It’s easy to guilt trip yourself when you’re a mother and you work for a living

If you’re a working mother, then you know the guilt that comes from not being there for your kids all the time.

Parenting is a tough job, and no matter your parenting style, you’re going to feel guilty at some point over how you reacted to your children, or the effect of your choices on your family.

It’s easy to guilt trip yourself when you’re a mother and you work for a living, but there are ways you can learn how to deal with the guilt when you’ve actually messed up, and how to get rid of the guilt that you shouldn’t have, like for working to provide for your family.

No matter the cause of your ‘working mom’ guilt, it can be overcome. As a working mother who once felt guilt about just about everything, I know it’s true.

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If you want to stop the guilty feelings, then you need to understand where guilt comes from and what it is, otherwise it’s impossible to deal with effectively.

It’s important to first recognise that not all guilt is bad. Guilty feelings can lead to:

  • being more sympathetic towards others (because you’re better able to put yourself in their shoes)
  • willingness to apologise when you’ve done something wrong
  • changing bad behaviour
  • working harder

Guilt helps to police your behaviour.

Unfortunately, guilt can also take over and overwhelm you. There’s a tipping point at which too much guilt leads to self-criticism, decreased motivation, and more guilt.

Even worse, sometimes guilt isn’t warranted because there’s nothing to feel guilty about. That’s where a lot of ‘mom-guilt’ originates.

Here are three reasons you feel ‘working mom guilt’ that is totally unnecessary:

1. You’ve fallen prey to ‘perfect mom’ syndrome

This is the ‘perfect mom’ standard. You see what others post on Instagram (or listen to their experiences) and recall memories of seemingly perfect moments that occurred during your childhood… and you don’t measure up.

You’ve created an unrealistic standard to measure yourself against. People talk about and show only what they want you to see, which means that you’re not seeing reality at all. And those memories of your childhood? They’re from a child’s point of view.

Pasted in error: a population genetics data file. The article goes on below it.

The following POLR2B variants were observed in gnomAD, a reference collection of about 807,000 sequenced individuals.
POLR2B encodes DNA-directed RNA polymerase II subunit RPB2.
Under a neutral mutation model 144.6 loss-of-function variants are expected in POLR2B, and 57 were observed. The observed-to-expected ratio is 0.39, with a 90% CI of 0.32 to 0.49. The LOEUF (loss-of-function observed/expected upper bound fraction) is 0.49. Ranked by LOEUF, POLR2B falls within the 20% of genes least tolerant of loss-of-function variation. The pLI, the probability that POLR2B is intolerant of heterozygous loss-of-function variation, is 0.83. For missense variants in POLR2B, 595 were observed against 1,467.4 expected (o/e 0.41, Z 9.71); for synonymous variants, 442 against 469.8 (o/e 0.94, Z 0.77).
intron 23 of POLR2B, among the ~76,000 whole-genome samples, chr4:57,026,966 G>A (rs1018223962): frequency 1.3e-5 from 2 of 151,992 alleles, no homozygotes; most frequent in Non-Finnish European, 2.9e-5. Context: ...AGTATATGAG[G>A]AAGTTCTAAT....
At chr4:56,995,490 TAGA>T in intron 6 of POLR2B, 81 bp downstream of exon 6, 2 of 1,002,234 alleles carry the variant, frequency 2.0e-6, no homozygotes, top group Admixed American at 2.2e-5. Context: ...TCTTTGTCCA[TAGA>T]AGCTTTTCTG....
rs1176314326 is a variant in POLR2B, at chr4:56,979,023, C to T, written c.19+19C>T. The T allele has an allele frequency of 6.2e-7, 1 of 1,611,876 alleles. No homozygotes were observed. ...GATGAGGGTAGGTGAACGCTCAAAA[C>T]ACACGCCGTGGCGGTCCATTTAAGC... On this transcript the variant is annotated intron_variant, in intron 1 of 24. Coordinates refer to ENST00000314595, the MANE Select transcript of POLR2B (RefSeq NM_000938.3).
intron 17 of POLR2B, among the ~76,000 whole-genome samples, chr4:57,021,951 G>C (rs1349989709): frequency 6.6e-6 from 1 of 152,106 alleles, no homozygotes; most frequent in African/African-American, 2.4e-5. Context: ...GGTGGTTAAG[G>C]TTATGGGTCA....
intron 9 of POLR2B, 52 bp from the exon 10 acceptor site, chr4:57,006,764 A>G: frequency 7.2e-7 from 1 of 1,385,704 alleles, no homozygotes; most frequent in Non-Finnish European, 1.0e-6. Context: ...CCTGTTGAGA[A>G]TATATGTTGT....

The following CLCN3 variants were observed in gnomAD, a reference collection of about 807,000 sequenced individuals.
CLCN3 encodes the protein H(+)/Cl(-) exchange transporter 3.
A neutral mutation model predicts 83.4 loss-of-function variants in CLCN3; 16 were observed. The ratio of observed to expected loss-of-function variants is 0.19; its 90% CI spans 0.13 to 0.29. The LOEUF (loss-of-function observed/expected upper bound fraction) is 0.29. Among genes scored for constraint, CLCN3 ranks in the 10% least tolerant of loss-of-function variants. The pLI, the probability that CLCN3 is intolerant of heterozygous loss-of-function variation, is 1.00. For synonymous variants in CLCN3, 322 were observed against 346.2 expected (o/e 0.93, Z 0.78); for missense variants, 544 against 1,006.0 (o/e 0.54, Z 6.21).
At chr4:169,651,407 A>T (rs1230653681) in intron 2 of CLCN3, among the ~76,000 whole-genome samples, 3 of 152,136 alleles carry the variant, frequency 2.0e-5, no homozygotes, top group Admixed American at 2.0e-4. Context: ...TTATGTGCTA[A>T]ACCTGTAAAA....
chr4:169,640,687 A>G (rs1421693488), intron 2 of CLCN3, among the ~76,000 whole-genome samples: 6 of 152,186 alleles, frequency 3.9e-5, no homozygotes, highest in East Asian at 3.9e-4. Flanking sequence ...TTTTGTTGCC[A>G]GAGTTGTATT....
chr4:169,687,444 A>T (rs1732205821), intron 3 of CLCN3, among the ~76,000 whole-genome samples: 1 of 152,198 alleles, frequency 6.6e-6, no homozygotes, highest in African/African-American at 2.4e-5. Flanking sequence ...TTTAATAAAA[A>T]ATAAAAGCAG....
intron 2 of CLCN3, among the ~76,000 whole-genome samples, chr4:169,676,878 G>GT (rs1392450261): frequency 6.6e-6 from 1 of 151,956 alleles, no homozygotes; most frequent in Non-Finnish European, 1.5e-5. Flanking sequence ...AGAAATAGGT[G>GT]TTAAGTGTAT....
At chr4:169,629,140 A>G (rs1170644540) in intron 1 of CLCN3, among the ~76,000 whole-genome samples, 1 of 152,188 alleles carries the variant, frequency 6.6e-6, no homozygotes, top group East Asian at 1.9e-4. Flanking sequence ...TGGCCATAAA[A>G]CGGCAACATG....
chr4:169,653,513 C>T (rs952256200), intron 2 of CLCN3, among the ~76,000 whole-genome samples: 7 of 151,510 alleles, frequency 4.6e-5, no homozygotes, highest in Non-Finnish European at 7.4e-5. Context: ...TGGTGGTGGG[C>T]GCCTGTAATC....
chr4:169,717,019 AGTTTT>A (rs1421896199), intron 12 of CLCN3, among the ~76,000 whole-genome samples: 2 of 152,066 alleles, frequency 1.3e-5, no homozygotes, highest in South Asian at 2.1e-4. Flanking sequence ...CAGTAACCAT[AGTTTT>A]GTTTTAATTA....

Not only does guilt rob you of your joy as a mom, but it hurts your ability to be your best and therefore hurts your relationship with your child

You’re remembering the best moments (not the worst) and you’re not seeing the full picture. Kids see things very differently from adults (which is something to take comfort in as a mom).

Everyone struggles as a parent – even your mom or the other mothers you remember and feel were ‘perfect’.

It’s time to allow your rational mind to come out. Remember, everyone messes up and no one is perfect, including you.

2. You’re living according to the ‘shoulds’

Do you feel as though you’re not doing everything you should as a mother (especially since you work)? You have deep-seated beliefs about what you’re ‘supposed’ to be doing and how you should be acting as a mom – even how you should feel.

These beliefs likely come from so-called societal norms and/or family expectations:

  • Believing that you should spend every non-work moment with your kids (which is, of course, going to cause guilt. You need time for yourself, with your spouse, and with friends)
  • Feeling like you should be cooking a fresh meal for your kids every night, despite a heavy work schedule
  • Believing you should enjoy every single moment with your child (and if you don’t you must be a terrible mom)

You’re not required to do it all, and your kids don’t expect it of you anyway. Honestly, it’s unrealistic to believe you can!

Instead of worrying about all the things you’re ‘supposed’ to be doing, identify what you do well and double down on those.

3. You’re living according to other people’s opinions

Other people’s opinions also cause a lot of the guilt you’re feeling. You know what I’m talking about, right? Those little hints and near-constant digs that come from family members and (not-so-great) stay-at-home mom friends about how:

  • You’re missing out on your kids childhood by working
  • Your kids are being raised by someone other than you
  • You’re an inferior mom for working

These slights aren’t really about you. They’re about the inadequacies of the people saying these to you. Who cares what they think? Even if the opinion is coming from someone you care about, it doesn’t really matter.

What matters is your kids, and studies show that your kids benefit from you working.

They’re more likely to grow up into happy, successful adults because kids with working moms (and dads) are forced into situations at an earlier age that develop their independence, problem-solving, and social skills.

Instead of focusing on all the supposed negative side-effects of you working, how about paying more attention to how it’s helping your kids? They’re being given opportunities for growth and development.

It’s time to feel proud about the positives.

Most people feel a little better after reminding themselves of reality, yet it’s often not enough. That’s because there are real-life things to feel guilty for. You’re human, so sometimes you’ll lose it with your kids and go overboard and sometimes you’ll disappoint them.

When you’ve done something wrong, how can you let go of the guilt? You do that through intentional, consistent practices that are aimed at changing your mentality, thoughts, and self-confidence levels so you can stop obsessing over past mistakes, separate your behaviour from your identity, and accept yourself fully.

Click through to the next page for three science-backed strategies for helping you overcome mom guilt when you actually messed up…